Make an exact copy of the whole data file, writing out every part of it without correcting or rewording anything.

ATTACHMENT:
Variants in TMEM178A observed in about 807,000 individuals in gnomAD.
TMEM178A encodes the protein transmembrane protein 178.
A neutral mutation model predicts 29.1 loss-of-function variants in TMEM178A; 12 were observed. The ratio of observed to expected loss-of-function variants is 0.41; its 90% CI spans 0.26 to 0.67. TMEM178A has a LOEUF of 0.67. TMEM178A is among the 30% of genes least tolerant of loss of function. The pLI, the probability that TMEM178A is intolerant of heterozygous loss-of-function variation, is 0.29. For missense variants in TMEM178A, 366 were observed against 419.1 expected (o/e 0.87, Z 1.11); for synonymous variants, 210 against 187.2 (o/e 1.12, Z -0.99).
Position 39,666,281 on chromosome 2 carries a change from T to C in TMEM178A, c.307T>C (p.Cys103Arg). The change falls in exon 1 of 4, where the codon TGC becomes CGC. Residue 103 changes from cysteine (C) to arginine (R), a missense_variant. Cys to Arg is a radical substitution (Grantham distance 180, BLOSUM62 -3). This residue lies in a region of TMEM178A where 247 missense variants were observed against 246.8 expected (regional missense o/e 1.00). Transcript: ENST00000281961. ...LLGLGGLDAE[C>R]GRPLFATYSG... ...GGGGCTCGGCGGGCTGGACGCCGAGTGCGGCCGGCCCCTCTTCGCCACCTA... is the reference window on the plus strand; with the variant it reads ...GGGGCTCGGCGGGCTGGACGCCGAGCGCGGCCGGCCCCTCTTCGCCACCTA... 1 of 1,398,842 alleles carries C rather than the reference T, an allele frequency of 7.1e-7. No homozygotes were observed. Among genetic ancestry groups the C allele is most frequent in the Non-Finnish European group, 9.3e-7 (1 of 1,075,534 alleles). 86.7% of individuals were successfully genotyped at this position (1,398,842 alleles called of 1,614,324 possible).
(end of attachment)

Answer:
Variants in TMEM178A observed in about 807,000 individuals in gnomAD.
TMEM178A encodes the protein transmembrane protein 178.
A neutral mutation model predicts 29.1 loss-of-function variants in TMEM178A; 12 were observed. The ratio of observed to expected loss-of-function variants is 0.41; its 90% CI spans 0.26 to 0.67. TMEM178A has a LOEUF of 0.67. TMEM178A is among the 30% of genes least tolerant of loss of function. The pLI, the probability that TMEM178A is intolerant of heterozygous loss-of-function variation, is 0.29. For missense variants in TMEM178A, 366 were observed against 419.1 expected (o/e 0.87, Z 1.11); for synonymous variants, 210 against 187.2 (o/e 1.12, Z -0.99).
Position 39,666,281 on chromosome 2 carries a change from T to C in TMEM178A, c.307T>C (p.Cys103Arg). The change falls in exon 1 of 4, where the codon TGC becomes CGC. Residue 103 changes from cysteine (C) to arginine (R), a missense_variant. Cys to Arg is a radical substitution (Grantham distance 180, BLOSUM62 -3). This residue lies in a region of TMEM178A where 247 missense variants were observed against 246.8 expected (regional missense o/e 1.00). Transcript: ENST00000281961. ...LLGLGGLDAE[C>R]GRPLFATYSG... ...GGGGCTCGGCGGGCTGGACGCCGAGTGCGGCCGGCCCCTCTTCGCCACCTA... is the reference window on the plus strand; with the variant it reads ...GGGGCTCGGCGGGCTGGACGCCGAGCGCGGCCGGCCCCTCTTCGCCACCTA... 1 of 1,398,842 alleles carries C rather than the reference T, an allele frequency of 7.1e-7. No homozygotes were observed. Among genetic ancestry groups the C allele is most frequent in the Non-Finnish European group, 9.3e-7 (1 of 1,075,534 alleles). 86.7% of individuals were successfully genotyped at this position (1,398,842 alleles called of 1,614,324 possible).